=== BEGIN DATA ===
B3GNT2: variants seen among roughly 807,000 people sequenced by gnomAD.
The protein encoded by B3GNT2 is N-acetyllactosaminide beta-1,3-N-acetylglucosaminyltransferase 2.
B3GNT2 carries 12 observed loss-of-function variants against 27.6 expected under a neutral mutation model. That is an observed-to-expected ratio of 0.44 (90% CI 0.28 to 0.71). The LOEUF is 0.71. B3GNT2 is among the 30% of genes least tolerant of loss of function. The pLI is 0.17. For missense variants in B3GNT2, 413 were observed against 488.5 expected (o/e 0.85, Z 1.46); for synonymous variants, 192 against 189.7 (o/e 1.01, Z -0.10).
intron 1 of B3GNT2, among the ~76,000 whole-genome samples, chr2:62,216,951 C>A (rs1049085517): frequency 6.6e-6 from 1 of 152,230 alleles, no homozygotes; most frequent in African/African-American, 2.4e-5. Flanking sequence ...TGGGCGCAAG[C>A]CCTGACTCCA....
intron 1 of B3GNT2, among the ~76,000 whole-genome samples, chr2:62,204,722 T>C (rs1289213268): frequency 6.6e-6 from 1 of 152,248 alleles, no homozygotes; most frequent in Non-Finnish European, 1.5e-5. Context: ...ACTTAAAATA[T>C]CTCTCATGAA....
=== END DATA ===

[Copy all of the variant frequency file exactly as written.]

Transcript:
B3GNT2: variants seen among roughly 807,000 people sequenced by gnomAD.
The protein encoded by B3GNT2 is N-acetyllactosaminide beta-1,3-N-acetylglucosaminyltransferase 2.
B3GNT2 carries 12 observed loss-of-function variants against 27.6 expected under a neutral mutation model. That is an observed-to-expected ratio of 0.44 (90% CI 0.28 to 0.71). The LOEUF is 0.71. B3GNT2 is among the 30% of genes least tolerant of loss of function. The pLI is 0.17. For missense variants in B3GNT2, 413 were observed against 488.5 expected (o/e 0.85, Z 1.46); for synonymous variants, 192 against 189.7 (o/e 1.01, Z -0.10).
intron 1 of B3GNT2, among the ~76,000 whole-genome samples, chr2:62,216,951 C>A (rs1049085517): frequency 6.6e-6 from 1 of 152,230 alleles, no homozygotes; most frequent in African/African-American, 2.4e-5. Flanking sequence ...TGGGCGCAAG[C>A]CCTGACTCCA....
intron 1 of B3GNT2, among the ~76,000 whole-genome samples, chr2:62,204,722 T>C (rs1289213268): frequency 6.6e-6 from 1 of 152,248 alleles, no homozygotes; most frequent in Non-Finnish European, 1.5e-5. Context: ...ACTTAAAATA[T>C]CTCTCATGAA....